American Alpine Jounrna and Accidents in North American Climbing

North America, United States, Alaska, Wrangell-St. Elias Mountains, P.10,000+' and P.8580', Centennial Range

  • Climbs And Expeditions
  • Climb Year:
  • Publication Year: 1998

P.10,000+' and P.8580', Centennial Range, St. Elias Mountains. On April 25, Paul Claus flew Mimi McDougall and myself into the Centennial Range of the St. Elias mountains, landing at 7,200 feet on an unnamed glacier only two miles from the Canadian border. We were between the Walsh and Chitina glaciers just south of Mt. George. On April 26, we ascended the boundary peak to our immediate northeast which I believe is 10,000+ feet. We ascended the steep glacier flowing to the south from the western end of the peak, beginning at around 7,500 feet to reach a small basin at about 9000 feet. From here we went up a 40 to 45° slope above the bergschrund to reach the ridge, which we followed to the north. The main summit ridge runs west to east, and at around 9,800 feet we meandered to the east toward the main summit. The summit ridge is corniced to the north, and we finally sneaked up to the main summit in the thickening clouds and light snow late in the afternoon. The snow conditions were varied, with some sections having deep sugar snow.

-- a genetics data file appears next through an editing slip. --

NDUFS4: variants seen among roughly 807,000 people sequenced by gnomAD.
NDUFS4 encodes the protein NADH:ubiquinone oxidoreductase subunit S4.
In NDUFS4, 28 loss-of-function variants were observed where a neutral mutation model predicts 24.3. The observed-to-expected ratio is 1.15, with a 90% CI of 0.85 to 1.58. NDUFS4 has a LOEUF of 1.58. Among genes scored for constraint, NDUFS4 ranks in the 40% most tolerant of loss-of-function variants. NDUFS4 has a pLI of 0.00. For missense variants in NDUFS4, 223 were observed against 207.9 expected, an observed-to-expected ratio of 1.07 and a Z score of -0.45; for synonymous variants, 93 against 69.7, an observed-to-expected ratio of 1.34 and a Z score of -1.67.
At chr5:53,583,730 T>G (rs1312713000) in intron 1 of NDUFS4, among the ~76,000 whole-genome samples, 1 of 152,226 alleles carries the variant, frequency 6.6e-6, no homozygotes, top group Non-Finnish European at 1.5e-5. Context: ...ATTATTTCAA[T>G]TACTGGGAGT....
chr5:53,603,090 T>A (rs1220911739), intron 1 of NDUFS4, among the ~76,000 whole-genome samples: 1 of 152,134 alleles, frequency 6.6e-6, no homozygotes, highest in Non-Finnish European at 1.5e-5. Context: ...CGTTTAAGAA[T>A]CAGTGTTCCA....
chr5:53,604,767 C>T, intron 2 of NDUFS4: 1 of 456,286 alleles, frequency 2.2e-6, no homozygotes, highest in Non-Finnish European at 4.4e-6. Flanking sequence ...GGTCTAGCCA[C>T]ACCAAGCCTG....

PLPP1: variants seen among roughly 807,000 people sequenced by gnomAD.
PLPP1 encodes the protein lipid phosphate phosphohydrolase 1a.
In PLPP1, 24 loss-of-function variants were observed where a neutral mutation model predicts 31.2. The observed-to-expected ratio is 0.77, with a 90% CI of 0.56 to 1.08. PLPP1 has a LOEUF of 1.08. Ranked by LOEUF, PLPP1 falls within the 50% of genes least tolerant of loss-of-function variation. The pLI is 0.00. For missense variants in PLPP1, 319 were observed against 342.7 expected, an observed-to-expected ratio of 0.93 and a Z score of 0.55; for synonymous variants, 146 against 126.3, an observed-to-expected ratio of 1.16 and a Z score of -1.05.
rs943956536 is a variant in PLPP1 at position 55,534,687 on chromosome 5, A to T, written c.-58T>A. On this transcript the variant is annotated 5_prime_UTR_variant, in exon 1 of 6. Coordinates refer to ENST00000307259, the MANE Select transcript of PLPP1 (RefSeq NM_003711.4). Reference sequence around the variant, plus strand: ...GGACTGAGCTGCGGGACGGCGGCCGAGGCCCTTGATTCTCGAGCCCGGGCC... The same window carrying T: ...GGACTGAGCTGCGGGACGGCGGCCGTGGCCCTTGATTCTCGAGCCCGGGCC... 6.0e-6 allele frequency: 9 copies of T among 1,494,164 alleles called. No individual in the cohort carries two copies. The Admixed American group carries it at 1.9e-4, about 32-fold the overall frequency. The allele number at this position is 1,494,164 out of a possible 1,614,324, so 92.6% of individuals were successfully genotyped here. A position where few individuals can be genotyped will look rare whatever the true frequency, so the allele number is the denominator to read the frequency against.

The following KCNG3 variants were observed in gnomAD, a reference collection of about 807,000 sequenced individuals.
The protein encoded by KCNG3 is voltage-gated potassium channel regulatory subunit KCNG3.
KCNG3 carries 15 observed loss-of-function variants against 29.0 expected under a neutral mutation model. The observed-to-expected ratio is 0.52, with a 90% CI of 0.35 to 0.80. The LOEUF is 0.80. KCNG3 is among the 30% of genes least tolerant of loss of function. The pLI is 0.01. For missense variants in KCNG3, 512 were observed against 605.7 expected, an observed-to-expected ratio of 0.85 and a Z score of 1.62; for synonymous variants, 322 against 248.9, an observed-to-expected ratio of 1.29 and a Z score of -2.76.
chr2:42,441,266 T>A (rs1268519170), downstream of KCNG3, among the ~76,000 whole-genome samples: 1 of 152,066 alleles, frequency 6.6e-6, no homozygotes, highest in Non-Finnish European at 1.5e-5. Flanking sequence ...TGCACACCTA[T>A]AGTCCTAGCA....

April 27 was spent in the tent due to snow, wind and whiteout conditions. On April 28 we ascended the glacier and icefall leading up to P.8580' to our south, staying on our skis up to the ridge crest to avoid the deep sugar snow. We were hoping to follow the ridge to the west and climb P.9874', but the deep sugar snow was too frustrating and we decided to enjoy the day and not push it. Our high point was P.8984' between P.8580' and P.9874'.

We spent April 29 skiing in bright sunshine up the glacier to check out the higher peaks of the Centennial Range to our east, stopping at around 8,500 feet or so. Later that day Paul flew in just as a snow storm was descending on the glacier, and we got off just as the weather closed in behind us. I believe both climbs were first ascents of the peaks.

Danny W. Kost

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